EMT64 and AMD64 are both x86-64. There were some variations in the final implementation of x86-64 on AMD's behalf, hence the x86-64 version of XP would not recognize an EMT64 processor because of the minor changes AMD did. With regards to the identical IA extensions the K8 was build with it in mind, including the additional registers, while Intel caught with their pants down had to slap an emulation (thunking) layer to the P4 allowing memory access greater than 4 gig. P4's emulated x86-64 hence the gross performance issues that have been seen.

Core2 appears to have a fully implemented x86-64 engine including the registers.[/quote]

AMD has been working on an even better x86-64 engine for 4 years :wink:
May 31, 2006 12:35:23 AM

Quote:
Even if the % increase in 64-bit apps vs. 32-bit for the Conroe isn't as good as AMD's, it will still outperform it's AMD counterparts.


Are you 100% sure of this? :lol: 

Actually, relative % increase in 64-but vs 32-bit apps says nothing one way or the other about relative comparison between the processors.

If you get a 10% gain on 100 vs a 20% gain on 90, as in case A, then yes, the statement is true. If you get a 10% gain on 90 and a 20% on 100 though it is not true.

I guess what I am saying is why don't all of you people out on this forum that love to make unsubstantiated claims based on skewed facts and Inquirer articles please just SHUT UP and let it go.

Who cares if Company A beats Company B for 18 months or whatever? How does it affect the quality of your life?
May 31, 2006 1:05:03 AM

Quote:
Conroe seems to be slower in 64-bit than 32-bit, but still outpacing all other processors in both

http://www.xtremesystems.org/forums/showthread.php?t=101344
Someone didn't seem to be careful enougn to check to see that all the benchmarks are in 32 bit mode. Those tests are totally worthless. They are not 64 bit benchmarks. It is like taking windows 95 and running 16 bit benchmarks to test whether the PII was as good as the Pentium Pro. There is no way that the comparasion is valid. Before any one smarts off, I am a retired IEEE engineer certified in 1975 and worked first on ASCI Red(9800 Pentium pros) then Red Strom and the Dell Xeon EM64t machine. EM64t is good in 32 bit up to the 4gb memory barrier after that it chokes. That is what you have to look forward to in Conroe. Conroe's instruction decoding structure is 3 simple instructions and 1 complex instruction . AMD64 is 3 complex instructions. In 32 bit mode Conroe should blaze past AMD64. But come time to load and operate 64 bit software in 64 bit mode the three simple instruction decoders are going to be useless probalby about 75% of the time. That means in serious 64 bit computation Intel has 1 effective instruction decoder compared to 3 for AMD. We are on the cusp of a change that is nearly identical to the changeover from the 80286 16 bit chip to the 80386 32 bit chip. Both AMD64 and EM64T are really 32 bit cores that use 64 bit emulation instructions to process 64 bit code. The AM64 extensions do not have the limits of 4 gb of memory when running 32 bit code. Passages from several good articles that are simple enough to be understood by lay readers follow:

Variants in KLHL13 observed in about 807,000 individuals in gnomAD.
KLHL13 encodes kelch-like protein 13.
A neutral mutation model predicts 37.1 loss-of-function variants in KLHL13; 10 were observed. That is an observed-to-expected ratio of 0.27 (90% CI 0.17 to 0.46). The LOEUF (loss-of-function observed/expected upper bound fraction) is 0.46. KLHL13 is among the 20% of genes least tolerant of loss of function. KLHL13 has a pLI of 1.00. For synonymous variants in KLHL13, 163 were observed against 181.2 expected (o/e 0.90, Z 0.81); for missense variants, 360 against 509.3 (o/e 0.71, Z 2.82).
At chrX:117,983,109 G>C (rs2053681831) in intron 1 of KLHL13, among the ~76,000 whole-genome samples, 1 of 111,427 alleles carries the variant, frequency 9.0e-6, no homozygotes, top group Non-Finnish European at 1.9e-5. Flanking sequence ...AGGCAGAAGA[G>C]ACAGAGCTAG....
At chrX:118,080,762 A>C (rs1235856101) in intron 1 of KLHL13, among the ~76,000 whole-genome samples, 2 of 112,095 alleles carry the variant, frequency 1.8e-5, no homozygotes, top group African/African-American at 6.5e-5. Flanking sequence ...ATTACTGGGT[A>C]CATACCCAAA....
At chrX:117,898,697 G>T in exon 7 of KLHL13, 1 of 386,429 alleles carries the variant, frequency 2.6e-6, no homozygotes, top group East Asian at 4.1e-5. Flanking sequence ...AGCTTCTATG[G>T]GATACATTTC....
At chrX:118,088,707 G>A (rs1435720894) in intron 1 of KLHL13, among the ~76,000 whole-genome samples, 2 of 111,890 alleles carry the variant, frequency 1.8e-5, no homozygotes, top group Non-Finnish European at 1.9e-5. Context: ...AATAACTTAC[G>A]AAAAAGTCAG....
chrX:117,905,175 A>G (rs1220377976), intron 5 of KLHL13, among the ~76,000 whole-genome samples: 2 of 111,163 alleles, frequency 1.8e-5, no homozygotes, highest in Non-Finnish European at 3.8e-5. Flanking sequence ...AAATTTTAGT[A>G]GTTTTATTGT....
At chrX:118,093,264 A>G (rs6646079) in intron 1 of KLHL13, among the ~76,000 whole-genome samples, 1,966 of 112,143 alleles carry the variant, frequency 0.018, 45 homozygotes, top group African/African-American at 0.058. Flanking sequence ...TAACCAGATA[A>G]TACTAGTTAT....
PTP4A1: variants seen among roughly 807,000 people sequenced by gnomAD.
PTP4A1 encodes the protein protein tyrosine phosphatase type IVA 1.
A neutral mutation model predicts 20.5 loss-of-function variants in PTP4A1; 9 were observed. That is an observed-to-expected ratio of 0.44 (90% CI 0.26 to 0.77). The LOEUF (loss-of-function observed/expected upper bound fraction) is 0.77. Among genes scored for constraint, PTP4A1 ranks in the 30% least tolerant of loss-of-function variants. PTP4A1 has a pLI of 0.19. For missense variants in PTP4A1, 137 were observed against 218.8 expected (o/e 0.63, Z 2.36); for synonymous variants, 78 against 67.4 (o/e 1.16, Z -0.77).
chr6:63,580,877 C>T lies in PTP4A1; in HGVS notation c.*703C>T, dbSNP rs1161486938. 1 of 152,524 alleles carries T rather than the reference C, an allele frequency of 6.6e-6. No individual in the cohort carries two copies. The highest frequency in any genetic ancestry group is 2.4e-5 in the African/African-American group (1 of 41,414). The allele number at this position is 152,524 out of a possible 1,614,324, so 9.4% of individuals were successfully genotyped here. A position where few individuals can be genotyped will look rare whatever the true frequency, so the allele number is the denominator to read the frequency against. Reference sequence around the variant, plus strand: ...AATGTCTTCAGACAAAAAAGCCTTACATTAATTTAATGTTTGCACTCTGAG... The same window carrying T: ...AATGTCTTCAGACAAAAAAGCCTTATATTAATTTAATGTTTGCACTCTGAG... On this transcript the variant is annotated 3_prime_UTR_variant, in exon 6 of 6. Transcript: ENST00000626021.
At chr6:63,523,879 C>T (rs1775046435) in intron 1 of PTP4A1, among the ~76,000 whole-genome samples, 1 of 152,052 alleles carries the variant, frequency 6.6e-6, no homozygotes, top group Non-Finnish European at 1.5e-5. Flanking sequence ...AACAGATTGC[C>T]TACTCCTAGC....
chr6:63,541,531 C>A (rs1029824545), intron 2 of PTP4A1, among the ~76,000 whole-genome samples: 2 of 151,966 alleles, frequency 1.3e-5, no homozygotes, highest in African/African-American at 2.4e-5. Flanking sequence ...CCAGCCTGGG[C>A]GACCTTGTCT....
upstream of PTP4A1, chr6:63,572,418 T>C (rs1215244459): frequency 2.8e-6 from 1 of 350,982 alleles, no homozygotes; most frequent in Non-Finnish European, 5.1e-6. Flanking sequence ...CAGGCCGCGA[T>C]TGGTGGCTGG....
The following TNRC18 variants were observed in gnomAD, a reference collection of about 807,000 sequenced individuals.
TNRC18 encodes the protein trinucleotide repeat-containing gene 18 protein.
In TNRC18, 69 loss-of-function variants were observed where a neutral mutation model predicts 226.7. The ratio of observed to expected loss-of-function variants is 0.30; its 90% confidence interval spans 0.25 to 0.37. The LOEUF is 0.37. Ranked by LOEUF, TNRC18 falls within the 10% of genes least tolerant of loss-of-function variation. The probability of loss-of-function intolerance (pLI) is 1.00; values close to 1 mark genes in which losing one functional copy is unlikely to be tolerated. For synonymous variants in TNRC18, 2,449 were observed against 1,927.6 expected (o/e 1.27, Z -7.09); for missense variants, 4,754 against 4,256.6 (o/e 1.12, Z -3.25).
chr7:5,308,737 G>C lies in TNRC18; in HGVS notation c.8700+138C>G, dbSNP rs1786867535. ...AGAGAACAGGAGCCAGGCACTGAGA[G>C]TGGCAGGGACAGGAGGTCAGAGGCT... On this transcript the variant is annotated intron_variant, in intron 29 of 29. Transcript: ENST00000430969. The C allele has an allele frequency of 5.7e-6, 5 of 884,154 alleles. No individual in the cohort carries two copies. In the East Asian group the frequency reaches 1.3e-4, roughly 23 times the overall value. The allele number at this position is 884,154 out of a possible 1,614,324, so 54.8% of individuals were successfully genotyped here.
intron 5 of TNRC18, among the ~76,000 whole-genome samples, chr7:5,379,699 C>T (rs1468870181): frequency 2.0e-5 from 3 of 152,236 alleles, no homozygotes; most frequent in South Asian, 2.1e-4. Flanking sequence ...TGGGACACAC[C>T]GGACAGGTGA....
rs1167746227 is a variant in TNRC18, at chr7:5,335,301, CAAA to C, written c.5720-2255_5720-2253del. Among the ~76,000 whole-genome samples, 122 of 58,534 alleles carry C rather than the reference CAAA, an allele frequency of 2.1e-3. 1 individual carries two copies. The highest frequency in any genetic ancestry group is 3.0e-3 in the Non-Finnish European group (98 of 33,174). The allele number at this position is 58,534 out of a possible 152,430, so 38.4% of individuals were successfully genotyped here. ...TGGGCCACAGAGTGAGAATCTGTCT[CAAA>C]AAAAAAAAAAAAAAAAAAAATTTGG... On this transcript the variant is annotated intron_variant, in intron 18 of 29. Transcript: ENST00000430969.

Some 64-bit processor architectures can execute 32-bit code natively without any performance penalty, such as AMD64, MIPS64,Sparc64, zSeries, PowerPC64, etc. This kind of support is commonly called biarch support or more generally multi-arch support.

A completely distinct change in microprocessor design since approximately 2004 has been the introduction of multicore (initially, dual core) processors, which include two or more separate processor cores in a single "chip" or package. Effectively, dual-core processors deliver two-way Symmetric multiprocessing computers using a single motherboard processor socket - or four-way machines with two sockets, and so on. Some dual-core x86 chips, such as AMD's Athlon 64 X2 range, are 64-bit capable; others, such as Intel's Core Duo, are 32-bit devices. The performance and capacity implications of multi-core processors are entirely independent and different from those of 64-bit versus 32-bit. A processor with two 32-bit cores is not a 64-bit processor.

http://en.wikipedia.org/wiki/64_bit

for Intel and the EM64t mode
CPUs with this technology have a new operating mode, called IA32E, which has two sub-modes:

* Compatibility mode: Allows 64-bit operating systems to run 32-bit and 16-bit software unmodified. The operating system can have 64-bit (in 64-bit mode), 32-bit and 16-bit (both on compatibility mode) programs running at the same time. However, 32-bit programs will run as if they were running on a 32-bit CPU, i.e. will access only up to 4 GB of RAM. The same idea goes to 16-bit program, that will still access only up to 1 MB of RAM.